A Community Devoted to the Preservation and Practice of Celestial Navigation and Other Methods of Traditional Wayfinding
From: Bob Goethe
Date: 2016 Mar 3, 16:27 -0800
>>One thing I must ask of you...is the assumed purpose of this hypothetical one-hour talk..... is it to give them -- within an hour's time -- a technique they could use with no further study required for emergency navigation?<<
Zero percent of the people will own a sextant already. So if we humans forget procedural instructions that we have no opportunity to use, then pretty much everybody is guaranteed to have forgotten any/all techniques I attempt to teach 48 hours after the presentation is over.
I think I am leaning toward a historical overview...to set out the nature of the navigator's task on a spherical earth, and the importance of correct time in determining position. Historical overview could include backstaff and quadrant, latitude sailing, the Longitude Prize and Harrison's chronometers. A PowerPoint slide showing two circles of position intersecting will probably be helpful. I am starting to clarify my objectives as:
That at the end of the hour, the participants will have a sense of what is meant when people speak of "celestial navigation", and of what its importance has been in the history of trade and exploration. Further, that participants will be aware that there are those who enjoy practicing celestial navigation even in this GPS era.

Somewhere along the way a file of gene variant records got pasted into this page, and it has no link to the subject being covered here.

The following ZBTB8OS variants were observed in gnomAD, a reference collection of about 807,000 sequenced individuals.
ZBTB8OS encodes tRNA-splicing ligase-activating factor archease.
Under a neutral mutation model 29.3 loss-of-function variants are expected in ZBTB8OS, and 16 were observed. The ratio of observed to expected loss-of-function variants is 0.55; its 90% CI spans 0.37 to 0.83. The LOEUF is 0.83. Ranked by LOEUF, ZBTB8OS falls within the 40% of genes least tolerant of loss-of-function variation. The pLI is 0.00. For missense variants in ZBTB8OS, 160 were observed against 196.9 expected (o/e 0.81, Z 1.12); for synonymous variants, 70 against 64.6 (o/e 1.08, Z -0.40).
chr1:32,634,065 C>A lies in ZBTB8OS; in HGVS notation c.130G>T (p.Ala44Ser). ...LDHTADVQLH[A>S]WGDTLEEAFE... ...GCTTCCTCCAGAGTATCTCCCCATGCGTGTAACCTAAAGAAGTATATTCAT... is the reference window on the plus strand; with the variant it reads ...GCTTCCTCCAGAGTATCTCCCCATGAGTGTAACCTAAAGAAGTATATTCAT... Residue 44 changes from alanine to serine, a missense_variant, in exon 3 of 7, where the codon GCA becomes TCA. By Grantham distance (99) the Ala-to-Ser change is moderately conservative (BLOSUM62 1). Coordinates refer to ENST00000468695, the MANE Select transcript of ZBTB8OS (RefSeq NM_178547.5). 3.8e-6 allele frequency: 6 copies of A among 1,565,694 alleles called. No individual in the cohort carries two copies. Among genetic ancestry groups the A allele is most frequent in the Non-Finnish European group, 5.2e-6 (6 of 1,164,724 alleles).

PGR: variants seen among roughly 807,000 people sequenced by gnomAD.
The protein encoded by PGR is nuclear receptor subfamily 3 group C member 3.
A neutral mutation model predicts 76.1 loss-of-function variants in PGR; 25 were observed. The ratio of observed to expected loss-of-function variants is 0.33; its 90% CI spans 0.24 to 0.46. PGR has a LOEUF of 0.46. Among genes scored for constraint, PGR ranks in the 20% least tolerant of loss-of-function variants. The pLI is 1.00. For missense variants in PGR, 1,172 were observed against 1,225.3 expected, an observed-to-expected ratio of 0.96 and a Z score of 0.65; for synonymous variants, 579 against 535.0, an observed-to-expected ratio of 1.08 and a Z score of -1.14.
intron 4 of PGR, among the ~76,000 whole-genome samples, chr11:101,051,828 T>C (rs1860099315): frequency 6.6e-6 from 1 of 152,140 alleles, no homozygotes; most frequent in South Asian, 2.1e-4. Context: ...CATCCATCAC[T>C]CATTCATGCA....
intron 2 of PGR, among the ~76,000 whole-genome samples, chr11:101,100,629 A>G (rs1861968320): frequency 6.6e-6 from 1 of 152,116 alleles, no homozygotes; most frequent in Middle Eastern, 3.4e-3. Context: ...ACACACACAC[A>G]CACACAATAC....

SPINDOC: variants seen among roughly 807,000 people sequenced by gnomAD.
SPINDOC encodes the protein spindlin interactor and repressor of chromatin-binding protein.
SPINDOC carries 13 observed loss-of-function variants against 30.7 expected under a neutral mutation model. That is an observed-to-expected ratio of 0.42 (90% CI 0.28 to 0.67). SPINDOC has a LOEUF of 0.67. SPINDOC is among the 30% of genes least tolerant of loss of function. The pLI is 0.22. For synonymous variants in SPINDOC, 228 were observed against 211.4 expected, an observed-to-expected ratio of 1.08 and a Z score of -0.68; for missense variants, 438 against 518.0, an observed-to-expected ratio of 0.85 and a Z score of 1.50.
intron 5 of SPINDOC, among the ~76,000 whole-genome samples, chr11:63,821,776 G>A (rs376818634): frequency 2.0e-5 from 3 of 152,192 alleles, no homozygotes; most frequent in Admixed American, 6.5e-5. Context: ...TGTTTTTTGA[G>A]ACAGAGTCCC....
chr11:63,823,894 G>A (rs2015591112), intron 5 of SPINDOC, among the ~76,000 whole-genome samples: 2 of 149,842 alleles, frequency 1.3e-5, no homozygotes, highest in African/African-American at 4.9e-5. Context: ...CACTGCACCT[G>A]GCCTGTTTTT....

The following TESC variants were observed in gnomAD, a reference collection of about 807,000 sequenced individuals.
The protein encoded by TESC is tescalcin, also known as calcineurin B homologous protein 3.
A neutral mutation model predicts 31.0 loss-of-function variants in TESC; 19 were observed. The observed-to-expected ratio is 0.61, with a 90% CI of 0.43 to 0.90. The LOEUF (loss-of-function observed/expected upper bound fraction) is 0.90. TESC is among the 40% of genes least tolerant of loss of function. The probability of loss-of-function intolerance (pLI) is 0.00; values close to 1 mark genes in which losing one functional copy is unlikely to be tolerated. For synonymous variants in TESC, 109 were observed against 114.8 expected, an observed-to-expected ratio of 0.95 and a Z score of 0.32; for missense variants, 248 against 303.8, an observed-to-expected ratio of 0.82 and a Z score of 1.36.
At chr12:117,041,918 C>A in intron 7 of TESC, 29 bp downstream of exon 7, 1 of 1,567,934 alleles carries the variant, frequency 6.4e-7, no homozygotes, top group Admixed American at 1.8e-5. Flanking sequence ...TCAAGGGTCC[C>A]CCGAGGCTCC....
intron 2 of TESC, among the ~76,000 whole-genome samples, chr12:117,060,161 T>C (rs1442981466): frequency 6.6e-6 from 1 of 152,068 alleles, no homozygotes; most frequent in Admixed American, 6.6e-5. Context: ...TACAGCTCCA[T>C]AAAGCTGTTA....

I have never considered Robert's analogy of the train with the extremely accurate schedule running along the coastline. It is intriguing!! This is the kind of thing that I turn over in my mind while shaving...so my best thoughts on this will not occur until tomorrow morning.
I am really appreciating the interaction between you all. So while my objectives for the hour are still morphing (frankly, I end up liking EVERYBODY'S suggestions at the moment I read them), they have more form to them now than they did two days ago.